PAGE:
The impact of unemployment on the transition to parenthood
AbstractThis paper seeks to advance our understanding about the impact of unemployment on fertility. From a theoretical perspective, both negative and positive effects might be expected. Existing empirical studies have produced contradictory results, partly because of varying institutional contexts, the use of different measures, and left-censoring problems. We address these theoretical and methodological problems in the extant literature. Our data comes from the German Life History Study (GLHS) and, in particular, the data on the 1971 cohort, which was collected in two representative and retrospective surveys conducted in East and West Germany in 1996-1998 and 2005. Using monthly information, we perform event history analysis to identify the timing of fertility for both men and women conditional on a number of covariates. We present our results as a comparison between East and West Germany, as the institutional contexts, the labour markets, and the value systems differ considerably between the two parts of the German state.
Download InfoIf you experience problems downloading a file, check if you have the proper application to view it first. In case of further problems read the IDEAS help page. Note that these files are not on the IDEAS site. Please be patient as the files may be large.
Bibliographic InfoArticle provided by Max Planck Institute for Demographic Research, Rostock, Germany in its journal Demographic Research.
Volume (Year): 23 (2010)
Issue (Month): 29 (October)
Contact details of provider:
Web page: http://www.demogr.mpg.de/
parenthood; transition; unemployment;
Find related papers by JEL classification:
- J1 - Labor and Demographic Economics - - Demographic Economics
- Z0 - Other Special Topics - - General
Please report citation or reference errors to , or , if you are the registered author of the cited work, log in to your RePEc Author Service profile, click on "citations" and make appropriate adjustments.:
- Angelika Tölke & Martin Diewald, 2003. "Insecurities in employment and occupational careers and their impact on the transition to fatherhood in Western Germany," Demographic Research, Max Planck Institute for Demographic Research, Rostock, Germany, vol. 9(3), pages 41-68, September.
- Karin E. Lundström & Gunnar Andersson, 2012. "Labor-market status, migrant status and first childbearing in Sweden," Demographic Research, Max Planck Institute for Demographic Research, Rostock, Germany, vol. 27(25), pages 719-742, December.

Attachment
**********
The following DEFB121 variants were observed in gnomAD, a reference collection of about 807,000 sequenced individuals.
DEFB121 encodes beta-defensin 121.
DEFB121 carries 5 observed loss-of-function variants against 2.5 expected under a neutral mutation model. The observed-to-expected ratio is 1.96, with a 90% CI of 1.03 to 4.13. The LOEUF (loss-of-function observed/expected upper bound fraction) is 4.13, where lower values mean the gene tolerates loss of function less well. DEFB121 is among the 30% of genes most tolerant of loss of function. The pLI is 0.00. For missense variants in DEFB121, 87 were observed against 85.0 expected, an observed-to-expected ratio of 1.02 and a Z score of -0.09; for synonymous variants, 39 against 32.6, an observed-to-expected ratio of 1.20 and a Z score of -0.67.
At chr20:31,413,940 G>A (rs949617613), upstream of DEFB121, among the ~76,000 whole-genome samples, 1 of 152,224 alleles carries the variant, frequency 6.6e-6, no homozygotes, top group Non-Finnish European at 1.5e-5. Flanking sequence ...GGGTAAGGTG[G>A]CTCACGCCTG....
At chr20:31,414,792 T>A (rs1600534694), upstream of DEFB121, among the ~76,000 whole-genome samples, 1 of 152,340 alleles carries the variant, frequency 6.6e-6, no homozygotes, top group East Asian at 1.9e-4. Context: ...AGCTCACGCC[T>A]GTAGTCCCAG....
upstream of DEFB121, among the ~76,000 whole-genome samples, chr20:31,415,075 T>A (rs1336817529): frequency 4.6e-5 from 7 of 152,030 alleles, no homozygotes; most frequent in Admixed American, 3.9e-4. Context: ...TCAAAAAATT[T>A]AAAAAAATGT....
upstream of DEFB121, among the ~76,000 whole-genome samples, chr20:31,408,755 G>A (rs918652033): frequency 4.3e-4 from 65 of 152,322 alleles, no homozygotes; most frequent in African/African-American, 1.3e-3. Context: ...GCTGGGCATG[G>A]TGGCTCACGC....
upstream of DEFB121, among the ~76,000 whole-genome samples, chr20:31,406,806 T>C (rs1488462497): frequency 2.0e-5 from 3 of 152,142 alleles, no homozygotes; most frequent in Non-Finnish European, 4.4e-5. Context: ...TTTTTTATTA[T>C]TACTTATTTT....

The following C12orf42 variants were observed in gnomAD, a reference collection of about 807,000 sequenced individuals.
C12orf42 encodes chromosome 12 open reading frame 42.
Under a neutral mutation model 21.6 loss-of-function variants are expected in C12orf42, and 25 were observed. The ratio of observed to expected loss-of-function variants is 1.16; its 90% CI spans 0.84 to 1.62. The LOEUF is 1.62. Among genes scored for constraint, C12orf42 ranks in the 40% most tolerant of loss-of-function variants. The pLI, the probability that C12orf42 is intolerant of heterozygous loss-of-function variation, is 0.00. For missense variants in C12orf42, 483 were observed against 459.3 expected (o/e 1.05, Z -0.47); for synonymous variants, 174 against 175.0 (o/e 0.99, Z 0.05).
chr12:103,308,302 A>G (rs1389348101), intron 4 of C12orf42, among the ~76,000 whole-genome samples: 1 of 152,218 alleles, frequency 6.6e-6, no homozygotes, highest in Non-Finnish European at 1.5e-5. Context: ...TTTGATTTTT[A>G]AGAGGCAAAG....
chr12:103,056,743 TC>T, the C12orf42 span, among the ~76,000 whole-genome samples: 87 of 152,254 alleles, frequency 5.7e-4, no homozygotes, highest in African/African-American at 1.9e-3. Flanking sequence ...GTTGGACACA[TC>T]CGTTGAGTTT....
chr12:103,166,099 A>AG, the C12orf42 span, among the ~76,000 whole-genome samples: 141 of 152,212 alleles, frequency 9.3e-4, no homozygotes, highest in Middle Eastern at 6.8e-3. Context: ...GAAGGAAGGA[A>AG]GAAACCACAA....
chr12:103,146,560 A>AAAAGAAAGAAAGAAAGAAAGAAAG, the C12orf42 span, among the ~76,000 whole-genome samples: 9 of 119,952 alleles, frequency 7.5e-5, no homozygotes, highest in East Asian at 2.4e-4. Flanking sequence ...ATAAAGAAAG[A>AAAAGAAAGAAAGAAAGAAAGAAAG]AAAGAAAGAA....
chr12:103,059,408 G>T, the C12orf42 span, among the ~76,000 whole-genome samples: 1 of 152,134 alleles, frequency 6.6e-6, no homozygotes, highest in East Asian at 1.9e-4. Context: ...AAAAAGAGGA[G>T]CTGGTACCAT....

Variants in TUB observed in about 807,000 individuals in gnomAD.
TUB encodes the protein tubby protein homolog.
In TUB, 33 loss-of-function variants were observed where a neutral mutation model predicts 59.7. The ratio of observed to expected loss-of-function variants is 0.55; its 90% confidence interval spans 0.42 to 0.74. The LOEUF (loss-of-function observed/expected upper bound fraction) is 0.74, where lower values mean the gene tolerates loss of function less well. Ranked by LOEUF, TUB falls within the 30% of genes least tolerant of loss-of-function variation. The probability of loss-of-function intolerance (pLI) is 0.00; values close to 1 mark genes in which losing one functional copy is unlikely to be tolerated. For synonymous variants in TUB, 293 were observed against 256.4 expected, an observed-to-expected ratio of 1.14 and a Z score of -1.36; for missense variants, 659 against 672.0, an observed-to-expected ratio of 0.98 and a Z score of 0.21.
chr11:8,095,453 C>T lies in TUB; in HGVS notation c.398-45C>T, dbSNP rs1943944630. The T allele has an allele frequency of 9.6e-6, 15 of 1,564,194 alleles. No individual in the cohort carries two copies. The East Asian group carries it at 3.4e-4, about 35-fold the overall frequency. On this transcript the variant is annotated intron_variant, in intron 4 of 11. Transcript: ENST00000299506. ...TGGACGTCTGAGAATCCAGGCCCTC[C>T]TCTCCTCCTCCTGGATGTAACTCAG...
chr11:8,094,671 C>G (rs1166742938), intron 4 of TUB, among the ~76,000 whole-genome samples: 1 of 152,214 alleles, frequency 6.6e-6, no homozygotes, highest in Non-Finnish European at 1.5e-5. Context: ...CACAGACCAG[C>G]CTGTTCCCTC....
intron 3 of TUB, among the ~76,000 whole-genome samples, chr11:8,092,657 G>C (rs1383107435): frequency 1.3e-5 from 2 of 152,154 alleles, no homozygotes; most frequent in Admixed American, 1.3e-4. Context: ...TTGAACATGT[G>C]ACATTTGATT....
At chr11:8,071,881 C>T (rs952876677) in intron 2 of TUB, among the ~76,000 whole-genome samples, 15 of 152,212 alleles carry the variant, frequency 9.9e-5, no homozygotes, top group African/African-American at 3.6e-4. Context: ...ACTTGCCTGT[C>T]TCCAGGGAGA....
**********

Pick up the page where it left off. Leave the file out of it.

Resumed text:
- Marie-Thérèse Letablier & Anne Salles, 2012. "Labour market uncertainties for the young workforce in France and Germany : implications for family formation and fertily," Working Papers 180, Institut National d'Études Démographiques (INED).
- Michaela Kreyenfeld & Gunnar Andersson, 2013. "Socioeconomic differences in the unemployment and fertility nexus: a comparison of Denmark and Germany," MPIDR Working Papers WP-2013-008, Max Planck Institute for Demographic Research, Rostock, Germany.
- Marie-Thérèse Letablier & Anne Salles, 2013. "Labour market uncertainties for the young workforce in France and Germany: Implications for family formation and fertility," UniversitÃ© Paris1 PanthÃ©on-Sorbonne (Post-Print and Working Papers) halshs-00786291, HAL.
- repec:hal:journl:halshs-00786291 is not listed on IDEAS
- Marie-Thérèse Letablier & Anne Salles, 2013. "Labour market uncertainties for the young workforce in France and Germany : Implications for family formation and fertility," Documents de travail du Centre d'Economie de la Sorbonne 13004, Université Panthéon-Sorbonne (Paris 1), Centre d'Economie de la Sorbonne.
- Ariane Pailhé & Anne Solaz, 2012. "The influence of employment uncertainty on childbearing in France: A tempo or quantum effect?," Demographic Research, Max Planck Institute for Demographic Research, Rostock, Germany, vol. 26(1), pages 1-40, January.
For technical questions regarding this item, or to correct its authors, title, abstract, bibliographic or download information, contact: (Editorial Office).
If you have authored this item and are not yet registered with RePEc, we encourage you to do it here. This allows to link your profile to this item. It also allows you to accept potential citations to this item that we are uncertain about.
If references are entirely missing, you can add them using this form.
If the full references list an item that is present in RePEc, but the system did not link to it, you can help with this form.
If you know of missing items citing this one, you can help us creating those links by adding the relevant references in the same way as above, for each refering item. If you are a registered author of this item, you may also want to check the "citations" tab in your profile, as there may be some citations waiting for confirmation.
Please note that corrections may take a couple of weeks to filter through the various RePEc services.